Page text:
Maj. Gen. Yoav Galant, the Israel Defense Forces chief of staff designate, is to appear Sunday morning at the office of State Comptroller Micha Lindenstrauss in Tel Aviv for a hearing about his use of land on Moshav Amikam.
Lindenstrauss is expected to convey his findings in the case to Attorney General Yehuda Weinstein this week.
Weinstein, who will have to respond by February 1 to two High Court petitions against Galant's appointment as chief of staff, must decide whether the state comptroller's conclusions are serious enough to return the matter to the committee that vets senior appointments.
Galant has been accused of improperly adding land to his property on Moshav Amikam, which he claims was an honest mistake.
On Thursday evening, Avigdor Klagsbald, Galant's attorney, who is to accompany him to today's hearing, conveyed Galant's written responses to the comptroller's draft report on the matter.
In the response, Galant denied that he lied in the affair and insisted that the Israel Lands Administration did nothing deliberately to benefit him. He attributed contradictory accounts in the matter to inaccuracies in land registrations and other disputes.
After the meeting, Lindentrauss will prepare his final report, which he is expected to hand to Weinstein by Thursday.
It has not yet been determined whether the report will be made public.
Galant is slated to assume the post on February 14.
The investigation of the affair began with complaints to the State Comptroller's Office, particularly findings and conclusions by Improvement of Government Services Minister Michael Eitan, following the cabinet's approval of Galant's appointment.
Galant will be the last to testify to the comptroller and his staff on the affair.
He follows dozens of witnesses, including moshav members, Israel Lands Administration officials and the former commander of the IDF General Staff security unit, Col. Arik Elazar. The latter wrote the expert opinion that justified creating a road to Galant's house as an escape route in case of attack.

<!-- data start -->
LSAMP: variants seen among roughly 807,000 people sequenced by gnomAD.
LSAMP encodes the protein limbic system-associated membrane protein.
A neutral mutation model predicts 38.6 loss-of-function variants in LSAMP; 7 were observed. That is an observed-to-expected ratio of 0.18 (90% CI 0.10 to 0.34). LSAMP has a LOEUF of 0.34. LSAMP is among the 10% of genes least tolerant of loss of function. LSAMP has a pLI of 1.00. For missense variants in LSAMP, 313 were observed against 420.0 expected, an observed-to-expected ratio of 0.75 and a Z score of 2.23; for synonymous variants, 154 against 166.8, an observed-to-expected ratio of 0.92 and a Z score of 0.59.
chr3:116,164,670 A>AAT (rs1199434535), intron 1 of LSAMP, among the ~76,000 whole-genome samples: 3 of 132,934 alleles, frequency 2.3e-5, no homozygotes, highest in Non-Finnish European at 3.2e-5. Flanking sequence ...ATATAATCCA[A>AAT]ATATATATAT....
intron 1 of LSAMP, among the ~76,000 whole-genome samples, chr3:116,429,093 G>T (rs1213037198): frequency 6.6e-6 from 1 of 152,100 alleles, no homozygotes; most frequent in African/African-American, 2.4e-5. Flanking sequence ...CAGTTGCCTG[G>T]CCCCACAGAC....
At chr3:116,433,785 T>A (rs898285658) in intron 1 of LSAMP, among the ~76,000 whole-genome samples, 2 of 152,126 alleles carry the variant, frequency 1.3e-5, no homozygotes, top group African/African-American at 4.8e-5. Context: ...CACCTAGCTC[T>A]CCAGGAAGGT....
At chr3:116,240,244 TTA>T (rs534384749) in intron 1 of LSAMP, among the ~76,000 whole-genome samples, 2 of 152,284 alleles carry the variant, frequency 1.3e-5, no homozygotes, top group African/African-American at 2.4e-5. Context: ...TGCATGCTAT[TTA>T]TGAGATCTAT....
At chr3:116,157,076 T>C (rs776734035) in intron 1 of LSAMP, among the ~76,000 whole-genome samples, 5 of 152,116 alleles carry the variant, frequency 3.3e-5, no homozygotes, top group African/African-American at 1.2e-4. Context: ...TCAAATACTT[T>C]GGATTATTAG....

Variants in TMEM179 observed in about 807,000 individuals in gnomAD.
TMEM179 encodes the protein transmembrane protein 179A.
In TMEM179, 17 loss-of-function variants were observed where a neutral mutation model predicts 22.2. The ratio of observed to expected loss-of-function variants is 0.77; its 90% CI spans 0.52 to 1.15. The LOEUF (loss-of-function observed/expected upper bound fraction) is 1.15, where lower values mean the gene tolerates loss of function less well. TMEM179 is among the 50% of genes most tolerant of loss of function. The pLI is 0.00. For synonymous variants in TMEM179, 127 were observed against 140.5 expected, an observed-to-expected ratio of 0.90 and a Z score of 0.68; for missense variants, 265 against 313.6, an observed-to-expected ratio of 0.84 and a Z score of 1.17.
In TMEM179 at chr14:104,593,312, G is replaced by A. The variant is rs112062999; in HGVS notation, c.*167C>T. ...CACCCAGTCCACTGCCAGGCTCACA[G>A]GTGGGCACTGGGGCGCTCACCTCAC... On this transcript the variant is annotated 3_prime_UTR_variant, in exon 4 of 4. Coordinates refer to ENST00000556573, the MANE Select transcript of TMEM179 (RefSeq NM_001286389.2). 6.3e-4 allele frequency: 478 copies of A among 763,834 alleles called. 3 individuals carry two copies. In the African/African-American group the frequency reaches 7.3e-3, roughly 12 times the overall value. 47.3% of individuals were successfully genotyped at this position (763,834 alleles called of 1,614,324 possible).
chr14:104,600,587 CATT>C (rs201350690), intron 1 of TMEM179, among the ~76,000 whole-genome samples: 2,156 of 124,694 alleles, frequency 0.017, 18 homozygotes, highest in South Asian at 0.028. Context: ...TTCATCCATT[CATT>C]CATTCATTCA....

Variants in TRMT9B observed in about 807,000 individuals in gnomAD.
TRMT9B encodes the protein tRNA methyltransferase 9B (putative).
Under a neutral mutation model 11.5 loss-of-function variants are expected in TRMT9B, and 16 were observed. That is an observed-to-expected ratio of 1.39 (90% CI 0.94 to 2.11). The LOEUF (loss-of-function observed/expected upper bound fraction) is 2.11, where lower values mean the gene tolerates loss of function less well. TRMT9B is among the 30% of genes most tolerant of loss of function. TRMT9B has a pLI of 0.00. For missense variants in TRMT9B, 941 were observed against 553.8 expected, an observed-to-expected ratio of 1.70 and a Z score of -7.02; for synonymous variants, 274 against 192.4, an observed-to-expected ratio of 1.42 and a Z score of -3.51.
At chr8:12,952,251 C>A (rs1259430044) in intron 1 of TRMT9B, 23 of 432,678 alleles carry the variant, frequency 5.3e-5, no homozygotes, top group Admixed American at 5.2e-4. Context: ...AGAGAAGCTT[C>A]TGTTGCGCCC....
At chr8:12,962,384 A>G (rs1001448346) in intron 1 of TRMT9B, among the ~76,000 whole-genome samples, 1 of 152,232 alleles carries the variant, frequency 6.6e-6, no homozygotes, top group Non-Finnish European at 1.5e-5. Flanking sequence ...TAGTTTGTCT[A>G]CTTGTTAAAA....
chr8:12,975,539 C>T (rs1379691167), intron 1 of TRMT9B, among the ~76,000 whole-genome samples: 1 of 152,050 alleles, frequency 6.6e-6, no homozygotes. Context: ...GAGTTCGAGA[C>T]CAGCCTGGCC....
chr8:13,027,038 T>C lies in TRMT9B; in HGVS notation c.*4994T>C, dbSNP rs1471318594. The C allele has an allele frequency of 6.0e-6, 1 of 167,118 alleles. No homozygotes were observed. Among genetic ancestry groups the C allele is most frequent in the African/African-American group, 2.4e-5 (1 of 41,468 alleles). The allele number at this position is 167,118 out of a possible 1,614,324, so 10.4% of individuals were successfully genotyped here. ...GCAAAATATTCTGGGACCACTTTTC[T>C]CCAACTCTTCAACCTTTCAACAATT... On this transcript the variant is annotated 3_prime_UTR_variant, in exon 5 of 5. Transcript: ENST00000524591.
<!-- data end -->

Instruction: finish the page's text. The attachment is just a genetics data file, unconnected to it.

Galant is expected to tell Lindenstrauss that he never lied to the authorities or the High Court. At most, he is expected to say, mistakes may have been made in describing the complicated bureaucracy involving land on moshavim. He is expected to disagree with data presented by Eitan and with the comptroller's conclusions in the draft report, and to present his own data.
Galant has rejected claims that collusion in the Israel Lands Administration made it possible for him to enjoy special consideration and said there were no irregularities in the construction of his home, pictures of which created a media stir because of its large size.
Claims about his home were reported in the media, but are not included in the comptroller's draft report.
Galant reportedly received dozens of phone calls of support over the weekend. "We have known Galant for decades as a commander and a combat soldier," a friend from the marine commando unit told Haaretz. "There is an ethos of trustworthiness in the unit. Claims that he lied are baseless and insult us all."
According to data obtained by Haaretz, in 1992, Galant paid $35,000 for the five-dunam (1.25 acre ) tract on which he built his home, when he was a lieutenant colonel in the marine commando unit. The land is today valued at a few million shekels. The price was low because Moshav Amikam, near Binyamina, was considered relatively remote and in an undeveloped area.
Galant followed a number of other marine commando officers who bought land at Moshav Amikam because it was close to the unit's base at Atlit.
Galant began to build his home in the late 1990s. The money came from the sale of the Galants' previous home in Zichron Ya'akov for $300,000, from half the value of an apartment in Kiryat Ono Galant had inherited from his father (his sister inherited the other half ) and severance pay that Galant's wife, Claudine, received when she retired from the career navy in 1999.
Galant is paying two mortgages on the house.
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